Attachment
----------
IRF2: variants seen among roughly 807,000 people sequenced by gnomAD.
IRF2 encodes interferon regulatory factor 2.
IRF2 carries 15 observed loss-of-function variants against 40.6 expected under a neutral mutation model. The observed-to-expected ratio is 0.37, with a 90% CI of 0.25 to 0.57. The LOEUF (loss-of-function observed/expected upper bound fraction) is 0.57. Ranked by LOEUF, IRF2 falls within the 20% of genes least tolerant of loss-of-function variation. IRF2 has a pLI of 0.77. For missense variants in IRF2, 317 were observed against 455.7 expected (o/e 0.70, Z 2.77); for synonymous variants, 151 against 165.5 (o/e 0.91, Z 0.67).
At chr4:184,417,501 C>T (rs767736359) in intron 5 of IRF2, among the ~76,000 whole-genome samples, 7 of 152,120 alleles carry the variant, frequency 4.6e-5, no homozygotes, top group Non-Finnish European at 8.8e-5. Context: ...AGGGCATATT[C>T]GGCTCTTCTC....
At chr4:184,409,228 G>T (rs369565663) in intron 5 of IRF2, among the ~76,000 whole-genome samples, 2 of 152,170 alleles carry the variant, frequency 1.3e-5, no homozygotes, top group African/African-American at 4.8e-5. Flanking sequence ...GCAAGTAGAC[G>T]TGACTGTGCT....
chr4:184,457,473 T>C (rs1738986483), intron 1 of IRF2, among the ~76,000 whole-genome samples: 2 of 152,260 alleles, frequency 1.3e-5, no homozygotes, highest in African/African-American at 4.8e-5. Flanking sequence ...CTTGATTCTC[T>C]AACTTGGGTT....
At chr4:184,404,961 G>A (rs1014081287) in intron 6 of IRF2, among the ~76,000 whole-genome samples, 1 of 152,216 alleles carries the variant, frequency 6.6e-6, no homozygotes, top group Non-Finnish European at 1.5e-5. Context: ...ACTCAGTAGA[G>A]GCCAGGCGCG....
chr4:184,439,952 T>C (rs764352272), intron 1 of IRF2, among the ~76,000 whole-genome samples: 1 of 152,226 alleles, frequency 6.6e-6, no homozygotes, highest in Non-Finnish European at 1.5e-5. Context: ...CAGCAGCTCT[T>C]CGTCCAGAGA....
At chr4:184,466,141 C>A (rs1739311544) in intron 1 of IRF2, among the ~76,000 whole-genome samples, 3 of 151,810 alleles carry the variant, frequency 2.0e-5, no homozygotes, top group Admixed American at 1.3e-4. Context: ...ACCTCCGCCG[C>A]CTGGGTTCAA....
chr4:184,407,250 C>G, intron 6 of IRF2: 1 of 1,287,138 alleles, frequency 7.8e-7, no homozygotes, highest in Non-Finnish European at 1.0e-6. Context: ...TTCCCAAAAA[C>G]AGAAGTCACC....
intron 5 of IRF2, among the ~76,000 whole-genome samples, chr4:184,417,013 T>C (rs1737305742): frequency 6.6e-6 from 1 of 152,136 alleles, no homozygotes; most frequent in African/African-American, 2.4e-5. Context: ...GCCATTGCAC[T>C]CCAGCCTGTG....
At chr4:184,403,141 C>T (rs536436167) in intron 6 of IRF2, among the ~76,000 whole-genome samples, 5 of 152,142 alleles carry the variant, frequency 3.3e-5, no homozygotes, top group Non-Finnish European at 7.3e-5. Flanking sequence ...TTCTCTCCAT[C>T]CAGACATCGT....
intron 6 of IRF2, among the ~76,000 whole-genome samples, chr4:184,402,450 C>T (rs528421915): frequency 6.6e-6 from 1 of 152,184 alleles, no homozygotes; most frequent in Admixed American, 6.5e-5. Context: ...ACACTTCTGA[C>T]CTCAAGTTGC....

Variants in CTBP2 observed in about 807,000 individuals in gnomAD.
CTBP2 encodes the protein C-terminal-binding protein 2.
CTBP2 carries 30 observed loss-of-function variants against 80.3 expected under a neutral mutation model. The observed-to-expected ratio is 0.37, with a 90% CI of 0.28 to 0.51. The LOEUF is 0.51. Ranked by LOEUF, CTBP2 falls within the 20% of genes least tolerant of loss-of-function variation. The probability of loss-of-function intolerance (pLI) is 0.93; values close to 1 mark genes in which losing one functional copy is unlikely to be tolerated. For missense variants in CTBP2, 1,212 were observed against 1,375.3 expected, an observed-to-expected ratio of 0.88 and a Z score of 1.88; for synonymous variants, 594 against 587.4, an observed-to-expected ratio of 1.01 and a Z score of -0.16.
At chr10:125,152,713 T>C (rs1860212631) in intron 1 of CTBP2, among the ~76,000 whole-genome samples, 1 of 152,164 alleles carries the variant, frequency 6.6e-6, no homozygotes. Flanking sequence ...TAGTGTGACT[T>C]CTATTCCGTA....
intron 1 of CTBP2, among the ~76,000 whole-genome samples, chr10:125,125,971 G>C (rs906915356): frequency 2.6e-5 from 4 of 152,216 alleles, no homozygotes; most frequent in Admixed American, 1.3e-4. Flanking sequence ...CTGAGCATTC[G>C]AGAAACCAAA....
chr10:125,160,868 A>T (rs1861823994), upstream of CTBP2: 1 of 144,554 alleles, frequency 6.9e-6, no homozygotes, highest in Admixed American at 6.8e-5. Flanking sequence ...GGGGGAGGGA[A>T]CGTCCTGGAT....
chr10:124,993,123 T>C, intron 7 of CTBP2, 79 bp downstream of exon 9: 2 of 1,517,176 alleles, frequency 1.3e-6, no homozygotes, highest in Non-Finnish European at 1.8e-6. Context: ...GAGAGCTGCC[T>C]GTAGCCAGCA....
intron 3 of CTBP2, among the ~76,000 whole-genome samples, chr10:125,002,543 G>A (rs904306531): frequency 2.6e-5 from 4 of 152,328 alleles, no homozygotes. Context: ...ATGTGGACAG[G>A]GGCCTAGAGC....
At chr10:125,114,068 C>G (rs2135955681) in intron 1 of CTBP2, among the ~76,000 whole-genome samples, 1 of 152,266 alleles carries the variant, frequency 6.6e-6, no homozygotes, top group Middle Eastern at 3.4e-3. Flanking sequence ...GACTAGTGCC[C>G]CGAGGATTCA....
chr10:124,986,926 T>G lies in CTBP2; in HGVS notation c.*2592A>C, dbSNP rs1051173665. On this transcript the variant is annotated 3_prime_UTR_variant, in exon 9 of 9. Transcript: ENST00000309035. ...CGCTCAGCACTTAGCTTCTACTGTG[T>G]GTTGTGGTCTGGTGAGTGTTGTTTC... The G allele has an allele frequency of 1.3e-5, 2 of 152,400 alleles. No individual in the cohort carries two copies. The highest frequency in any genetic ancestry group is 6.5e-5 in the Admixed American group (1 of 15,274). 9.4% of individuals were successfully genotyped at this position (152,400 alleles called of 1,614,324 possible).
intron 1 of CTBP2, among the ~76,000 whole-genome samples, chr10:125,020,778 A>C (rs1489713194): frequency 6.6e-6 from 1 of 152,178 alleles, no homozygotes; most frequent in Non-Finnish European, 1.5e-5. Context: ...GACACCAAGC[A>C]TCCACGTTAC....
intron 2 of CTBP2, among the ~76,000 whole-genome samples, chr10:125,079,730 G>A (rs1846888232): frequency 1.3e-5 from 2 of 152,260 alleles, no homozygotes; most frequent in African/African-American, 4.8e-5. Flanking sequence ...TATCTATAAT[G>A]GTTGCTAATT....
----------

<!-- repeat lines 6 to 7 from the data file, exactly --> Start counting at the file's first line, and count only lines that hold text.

chr4:184,457,473 T>C (rs1738986483), intron 1 of IRF2, among the ~76,000 whole-genome samples: 2 of 152,260 alleles, frequency 1.3e-5, no homozygotes, highest in African/African-American at 4.8e-5. Flanking sequence ...CTTGATTCTC[T>C]AACTTGGGTT....
At chr4:184,404,961 G>A (rs1014081287) in intron 6 of IRF2, among the ~76,000 whole-genome samples, 1 of 152,216 alleles carries the variant, frequency 6.6e-6, no homozygotes, top group Non-Finnish European at 1.5e-5. Context: ...ACTCAGTAGA[G>A]GCCAGGCGCG....